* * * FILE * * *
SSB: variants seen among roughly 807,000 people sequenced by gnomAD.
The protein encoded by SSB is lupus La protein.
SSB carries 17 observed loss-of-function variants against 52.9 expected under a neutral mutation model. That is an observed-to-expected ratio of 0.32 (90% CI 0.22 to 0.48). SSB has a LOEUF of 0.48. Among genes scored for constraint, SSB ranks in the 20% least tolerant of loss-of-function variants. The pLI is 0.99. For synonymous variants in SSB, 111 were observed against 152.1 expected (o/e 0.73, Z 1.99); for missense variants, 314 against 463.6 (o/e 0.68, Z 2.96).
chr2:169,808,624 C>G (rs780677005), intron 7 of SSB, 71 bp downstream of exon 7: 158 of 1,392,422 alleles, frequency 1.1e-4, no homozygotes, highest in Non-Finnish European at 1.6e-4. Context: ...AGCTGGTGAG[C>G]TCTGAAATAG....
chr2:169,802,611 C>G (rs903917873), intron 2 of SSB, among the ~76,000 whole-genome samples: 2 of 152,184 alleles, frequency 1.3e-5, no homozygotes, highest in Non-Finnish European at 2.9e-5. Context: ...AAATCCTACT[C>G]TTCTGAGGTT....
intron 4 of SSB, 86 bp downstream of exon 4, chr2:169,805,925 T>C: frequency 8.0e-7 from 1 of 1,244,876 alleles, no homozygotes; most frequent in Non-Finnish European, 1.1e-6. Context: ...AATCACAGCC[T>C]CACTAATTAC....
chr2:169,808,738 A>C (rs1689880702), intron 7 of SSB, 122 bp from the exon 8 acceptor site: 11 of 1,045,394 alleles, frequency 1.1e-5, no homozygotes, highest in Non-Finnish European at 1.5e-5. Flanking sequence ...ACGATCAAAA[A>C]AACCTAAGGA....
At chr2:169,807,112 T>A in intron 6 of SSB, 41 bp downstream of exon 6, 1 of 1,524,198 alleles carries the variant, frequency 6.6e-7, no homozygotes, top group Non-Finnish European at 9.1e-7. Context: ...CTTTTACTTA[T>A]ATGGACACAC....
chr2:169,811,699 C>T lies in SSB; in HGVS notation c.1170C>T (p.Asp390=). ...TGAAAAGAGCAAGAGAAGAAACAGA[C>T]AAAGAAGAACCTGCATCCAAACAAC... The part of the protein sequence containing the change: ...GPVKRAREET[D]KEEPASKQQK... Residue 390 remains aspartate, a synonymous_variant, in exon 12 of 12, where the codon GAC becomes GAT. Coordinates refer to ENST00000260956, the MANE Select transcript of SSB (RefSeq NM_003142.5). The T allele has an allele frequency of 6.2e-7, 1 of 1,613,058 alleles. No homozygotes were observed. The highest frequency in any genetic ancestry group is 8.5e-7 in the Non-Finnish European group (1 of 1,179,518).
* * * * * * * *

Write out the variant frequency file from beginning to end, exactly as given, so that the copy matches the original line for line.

SSB: variants seen among roughly 807,000 people sequenced by gnomAD.
The protein encoded by SSB is lupus La protein.
SSB carries 17 observed loss-of-function variants against 52.9 expected under a neutral mutation model. That is an observed-to-expected ratio of 0.32 (90% CI 0.22 to 0.48). SSB has a LOEUF of 0.48. Among genes scored for constraint, SSB ranks in the 20% least tolerant of loss-of-function variants. The pLI is 0.99. For synonymous variants in SSB, 111 were observed against 152.1 expected (o/e 0.73, Z 1.99); for missense variants, 314 against 463.6 (o/e 0.68, Z 2.96).
chr2:169,808,624 C>G (rs780677005), intron 7 of SSB, 71 bp downstream of exon 7: 158 of 1,392,422 alleles, frequency 1.1e-4, no homozygotes, highest in Non-Finnish European at 1.6e-4. Context: ...AGCTGGTGAG[C>G]TCTGAAATAG....
chr2:169,802,611 C>G (rs903917873), intron 2 of SSB, among the ~76,000 whole-genome samples: 2 of 152,184 alleles, frequency 1.3e-5, no homozygotes, highest in Non-Finnish European at 2.9e-5. Context: ...AAATCCTACT[C>G]TTCTGAGGTT....
intron 4 of SSB, 86 bp downstream of exon 4, chr2:169,805,925 T>C: frequency 8.0e-7 from 1 of 1,244,876 alleles, no homozygotes; most frequent in Non-Finnish European, 1.1e-6. Context: ...AATCACAGCC[T>C]CACTAATTAC....
chr2:169,808,738 A>C (rs1689880702), intron 7 of SSB, 122 bp from the exon 8 acceptor site: 11 of 1,045,394 alleles, frequency 1.1e-5, no homozygotes, highest in Non-Finnish European at 1.5e-5. Flanking sequence ...ACGATCAAAA[A>C]AACCTAAGGA....
At chr2:169,807,112 T>A in intron 6 of SSB, 41 bp downstream of exon 6, 1 of 1,524,198 alleles carries the variant, frequency 6.6e-7, no homozygotes, top group Non-Finnish European at 9.1e-7. Context: ...CTTTTACTTA[T>A]ATGGACACAC....
chr2:169,811,699 C>T lies in SSB; in HGVS notation c.1170C>T (p.Asp390=). ...TGAAAAGAGCAAGAGAAGAAACAGA[C>T]AAAGAAGAACCTGCATCCAAACAAC... The part of the protein sequence containing the change: ...GPVKRAREET[D]KEEPASKQQK... Residue 390 remains aspartate, a synonymous_variant, in exon 12 of 12, where the codon GAC becomes GAT. Coordinates refer to ENST00000260956, the MANE Select transcript of SSB (RefSeq NM_003142.5). The T allele has an allele frequency of 6.2e-7, 1 of 1,613,058 alleles. No homozygotes were observed. The highest frequency in any genetic ancestry group is 8.5e-7 in the Non-Finnish European group (1 of 1,179,518).